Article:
You mentioned a subscription service before, can you just explain to me how that works?

We’ve got a something called a super season pass which means you can go to all the games, get priority access, get all the benefits and you also some discounts and those sorts of things, it’s not just a season ticket. Then one stage down from that you need to treat that group separately, they might be able to come to a few games but they are probably going to consume way more content and they might want some discounts so that’s your next level down. Then you have your lowest tier which will people who can’t really come to games, they can only go to a couple, so give them access to a few of those. Then the free tier is for those who are just interested in the club. The goal is to get as many fans into the correct tier for them which they pay for on a monthly basis.

Do you think you’re biggest challenge is the fact that not a lot of fans or clubs are willing to change?

A lot of fans haven’t been willing to change in the past as well. A lot of our feedback was that older people aren’t going to want to buy digital tickets but that same audience during Coronavirus all made Zoom accounts. They’ve had to change their behaviour, as have everyone else. Older people are now paying with paypal, they’ve never paid with paypal in their lives. We’ve got a group of people who have seen a big behaviour shift because of this pandemic. I think it will change a massive amount of peoples view on how they interact with a sports team because they’ve had to.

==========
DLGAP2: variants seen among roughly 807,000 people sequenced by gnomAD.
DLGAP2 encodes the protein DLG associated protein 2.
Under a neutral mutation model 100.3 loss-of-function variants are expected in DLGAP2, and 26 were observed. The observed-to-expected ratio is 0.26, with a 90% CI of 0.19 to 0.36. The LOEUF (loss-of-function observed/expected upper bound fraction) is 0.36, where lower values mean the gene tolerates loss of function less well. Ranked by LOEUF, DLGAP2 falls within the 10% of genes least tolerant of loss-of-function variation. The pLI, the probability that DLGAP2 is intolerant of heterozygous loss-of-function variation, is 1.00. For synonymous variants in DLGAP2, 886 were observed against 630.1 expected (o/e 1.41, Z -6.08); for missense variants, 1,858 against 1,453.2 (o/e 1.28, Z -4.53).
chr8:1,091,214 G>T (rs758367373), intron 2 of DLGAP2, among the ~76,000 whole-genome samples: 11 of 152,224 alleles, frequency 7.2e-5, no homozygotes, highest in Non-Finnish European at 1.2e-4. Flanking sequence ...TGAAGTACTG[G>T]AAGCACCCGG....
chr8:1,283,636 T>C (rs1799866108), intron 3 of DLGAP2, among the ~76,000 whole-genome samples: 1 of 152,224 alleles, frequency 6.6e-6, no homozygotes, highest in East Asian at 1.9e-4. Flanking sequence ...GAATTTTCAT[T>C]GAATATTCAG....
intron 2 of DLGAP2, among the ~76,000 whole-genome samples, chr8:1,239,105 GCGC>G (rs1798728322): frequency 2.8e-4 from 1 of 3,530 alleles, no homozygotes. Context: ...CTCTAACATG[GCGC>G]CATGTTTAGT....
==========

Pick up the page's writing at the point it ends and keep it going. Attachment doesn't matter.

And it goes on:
I think it’s a hard task but I think we need to work with clubs who are visionary in that regard. So there are a few in Scotland that we think are really pushing the boat and we should let those guy lead. The rest in time will get there in their own way.

What is the main goal in the future for the Fanbase app?

For us what we want is to take what has been a very stressful year for sports clubs and make bringing back fans as simple and easy as possible and help to grow that club sustainably as simple as easy as possible. That’s going to be the goal continuously make it better make it easier.

We did a research study with Livingston football club, so we got Livingston fans in when we were getting started and one of the fans, who was about 55, said ‘I’ll go to Livingston ever single year, I will pay for my season ticket and I will go. But, the one thing I wish my club would do is just recognise me.’ That stuck with Mikey and I massively, we cannot get that out of our heads. So in 15 years time if that guy can come to me and say my club recognises me more than I can ever hope for and in the grand scheme of things clubs have been able to personalise the experience for fans, use technology they have never been able to use before and we’ve enabled that then that’s massive.